from Accidents: IX. The Men There Were Then

It sounds like something that’s been
said before too many times
but I want you to know
I mean it, now, when I say
there are no men around today
like the men there were then.
You see those enormous tree stumps
with the notches in, and you don’t think.
Those were big trees.
There are no trees like that today.
We think today what we do with machines
is hard work, but our trees are tiny
and they did it all by hand.
They did it all standing on springy, narrow
boards, stuck twelve feet up above the ground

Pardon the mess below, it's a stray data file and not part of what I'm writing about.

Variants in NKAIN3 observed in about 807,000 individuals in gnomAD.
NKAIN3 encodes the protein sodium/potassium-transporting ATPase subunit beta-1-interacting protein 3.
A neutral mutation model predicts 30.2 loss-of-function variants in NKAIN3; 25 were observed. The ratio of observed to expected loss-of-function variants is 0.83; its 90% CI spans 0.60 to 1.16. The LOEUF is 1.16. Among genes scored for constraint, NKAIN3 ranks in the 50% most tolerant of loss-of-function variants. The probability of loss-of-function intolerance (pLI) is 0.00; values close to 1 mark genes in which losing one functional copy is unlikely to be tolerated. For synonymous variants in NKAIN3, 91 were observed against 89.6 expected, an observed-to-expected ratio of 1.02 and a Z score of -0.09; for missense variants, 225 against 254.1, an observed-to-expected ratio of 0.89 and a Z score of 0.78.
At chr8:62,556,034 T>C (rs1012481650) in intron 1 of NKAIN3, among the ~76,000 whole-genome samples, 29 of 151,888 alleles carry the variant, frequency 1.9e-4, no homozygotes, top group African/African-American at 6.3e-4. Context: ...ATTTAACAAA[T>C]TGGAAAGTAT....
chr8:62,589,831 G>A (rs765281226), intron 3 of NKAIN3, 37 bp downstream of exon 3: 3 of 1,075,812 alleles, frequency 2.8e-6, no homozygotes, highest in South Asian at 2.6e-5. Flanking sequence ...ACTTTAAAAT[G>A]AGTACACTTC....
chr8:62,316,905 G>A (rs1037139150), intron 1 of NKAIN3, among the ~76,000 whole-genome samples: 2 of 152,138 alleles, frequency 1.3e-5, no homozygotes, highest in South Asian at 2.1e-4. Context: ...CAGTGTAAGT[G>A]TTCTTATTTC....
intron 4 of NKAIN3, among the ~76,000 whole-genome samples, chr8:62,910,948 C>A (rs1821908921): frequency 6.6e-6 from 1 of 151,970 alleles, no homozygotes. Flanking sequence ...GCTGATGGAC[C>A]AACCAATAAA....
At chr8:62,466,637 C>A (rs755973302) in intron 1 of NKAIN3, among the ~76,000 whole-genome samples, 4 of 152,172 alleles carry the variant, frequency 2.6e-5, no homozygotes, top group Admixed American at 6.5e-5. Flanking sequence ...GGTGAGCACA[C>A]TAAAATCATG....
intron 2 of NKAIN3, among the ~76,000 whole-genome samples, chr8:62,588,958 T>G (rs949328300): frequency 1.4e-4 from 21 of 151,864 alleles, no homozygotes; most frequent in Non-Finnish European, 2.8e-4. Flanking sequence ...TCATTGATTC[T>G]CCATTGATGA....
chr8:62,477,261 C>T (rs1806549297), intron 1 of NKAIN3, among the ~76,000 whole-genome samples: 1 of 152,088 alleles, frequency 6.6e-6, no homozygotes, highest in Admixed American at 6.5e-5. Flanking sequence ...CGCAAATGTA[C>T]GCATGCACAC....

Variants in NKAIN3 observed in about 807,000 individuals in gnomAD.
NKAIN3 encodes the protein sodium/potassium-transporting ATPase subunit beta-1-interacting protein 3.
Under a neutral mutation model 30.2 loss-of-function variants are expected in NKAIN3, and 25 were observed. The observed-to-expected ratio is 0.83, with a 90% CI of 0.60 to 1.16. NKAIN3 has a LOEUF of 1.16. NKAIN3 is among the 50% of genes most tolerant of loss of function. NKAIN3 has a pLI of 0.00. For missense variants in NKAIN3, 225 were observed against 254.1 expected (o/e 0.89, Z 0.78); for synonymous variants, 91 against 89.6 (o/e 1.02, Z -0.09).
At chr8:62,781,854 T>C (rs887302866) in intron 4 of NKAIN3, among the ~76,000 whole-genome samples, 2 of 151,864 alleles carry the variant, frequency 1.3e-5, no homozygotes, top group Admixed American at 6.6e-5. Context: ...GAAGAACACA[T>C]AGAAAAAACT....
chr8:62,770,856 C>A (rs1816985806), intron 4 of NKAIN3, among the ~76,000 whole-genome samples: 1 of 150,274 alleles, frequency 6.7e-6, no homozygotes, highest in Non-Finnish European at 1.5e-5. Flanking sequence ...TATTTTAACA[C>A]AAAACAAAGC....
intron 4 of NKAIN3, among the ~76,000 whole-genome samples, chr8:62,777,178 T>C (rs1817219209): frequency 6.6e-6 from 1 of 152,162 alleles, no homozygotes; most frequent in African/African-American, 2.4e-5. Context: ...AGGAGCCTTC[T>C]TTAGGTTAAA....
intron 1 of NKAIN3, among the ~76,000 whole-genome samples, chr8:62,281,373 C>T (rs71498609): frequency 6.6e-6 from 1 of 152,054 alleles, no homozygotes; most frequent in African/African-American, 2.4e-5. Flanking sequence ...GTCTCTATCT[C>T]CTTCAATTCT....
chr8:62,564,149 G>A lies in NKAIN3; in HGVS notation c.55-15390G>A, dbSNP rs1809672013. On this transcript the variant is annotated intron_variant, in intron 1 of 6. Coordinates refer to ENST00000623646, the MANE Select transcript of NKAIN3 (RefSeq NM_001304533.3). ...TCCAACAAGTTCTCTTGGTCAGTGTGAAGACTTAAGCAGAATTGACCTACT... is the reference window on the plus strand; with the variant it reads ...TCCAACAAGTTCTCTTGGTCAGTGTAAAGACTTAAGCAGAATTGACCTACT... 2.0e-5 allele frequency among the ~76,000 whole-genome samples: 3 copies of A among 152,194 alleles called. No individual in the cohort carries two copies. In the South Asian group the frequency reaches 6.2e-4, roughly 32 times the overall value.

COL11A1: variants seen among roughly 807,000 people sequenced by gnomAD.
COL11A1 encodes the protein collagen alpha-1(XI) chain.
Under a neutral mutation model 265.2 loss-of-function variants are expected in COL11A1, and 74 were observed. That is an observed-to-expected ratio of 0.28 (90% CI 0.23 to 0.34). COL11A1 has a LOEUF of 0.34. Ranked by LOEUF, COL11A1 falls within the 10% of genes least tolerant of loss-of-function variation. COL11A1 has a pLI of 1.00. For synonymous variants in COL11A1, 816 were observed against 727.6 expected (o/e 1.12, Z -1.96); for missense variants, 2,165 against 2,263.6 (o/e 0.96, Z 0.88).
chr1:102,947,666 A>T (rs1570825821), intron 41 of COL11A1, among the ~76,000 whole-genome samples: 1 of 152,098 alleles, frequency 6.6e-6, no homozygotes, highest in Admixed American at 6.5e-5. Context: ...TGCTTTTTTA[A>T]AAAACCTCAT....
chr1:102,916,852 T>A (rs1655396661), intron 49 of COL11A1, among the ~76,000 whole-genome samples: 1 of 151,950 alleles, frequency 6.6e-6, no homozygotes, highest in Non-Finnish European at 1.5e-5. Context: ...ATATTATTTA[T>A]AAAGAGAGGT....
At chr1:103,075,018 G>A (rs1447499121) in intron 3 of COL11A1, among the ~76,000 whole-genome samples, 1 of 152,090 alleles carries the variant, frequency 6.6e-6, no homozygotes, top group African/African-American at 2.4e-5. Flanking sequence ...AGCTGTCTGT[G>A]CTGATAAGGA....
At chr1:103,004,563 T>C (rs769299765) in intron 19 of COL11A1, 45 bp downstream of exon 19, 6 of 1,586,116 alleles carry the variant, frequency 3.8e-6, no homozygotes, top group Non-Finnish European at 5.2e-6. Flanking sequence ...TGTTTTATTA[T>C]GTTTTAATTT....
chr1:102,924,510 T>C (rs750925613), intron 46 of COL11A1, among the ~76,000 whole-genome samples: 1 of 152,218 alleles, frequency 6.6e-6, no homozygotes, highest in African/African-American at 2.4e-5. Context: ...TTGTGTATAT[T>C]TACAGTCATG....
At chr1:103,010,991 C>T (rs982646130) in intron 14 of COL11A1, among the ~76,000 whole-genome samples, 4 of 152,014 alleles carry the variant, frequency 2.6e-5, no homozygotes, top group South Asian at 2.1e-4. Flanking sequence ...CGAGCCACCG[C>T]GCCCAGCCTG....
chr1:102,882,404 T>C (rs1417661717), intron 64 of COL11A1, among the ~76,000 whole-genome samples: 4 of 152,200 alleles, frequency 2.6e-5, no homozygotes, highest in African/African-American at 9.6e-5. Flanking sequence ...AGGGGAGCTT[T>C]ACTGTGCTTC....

sometimes canyons below them
swinging their axes into that big wood.
To move along they’d give a hop with one toe
held under the springboard, to swing it.
Then they’d stick the axe in the wood
and stoop to reach their saws, I never
heard of one who fell.
But one time one man when he
turned to reach for his saw,
he brushed that razor sharp axe
and it slit his middle
right along the belt line for about eight inches.
It didn’t bleed so much but
his intestines came looping down like bunting.
When we came with the stretcher this man
was under the cut crouched on his knees
delicately holding up these gut loops
one by one splashing sawdust off ‘em
with water from his waterbag.
There are no men like that
around today.

:: Howard White, in Going for Coffee (1981)

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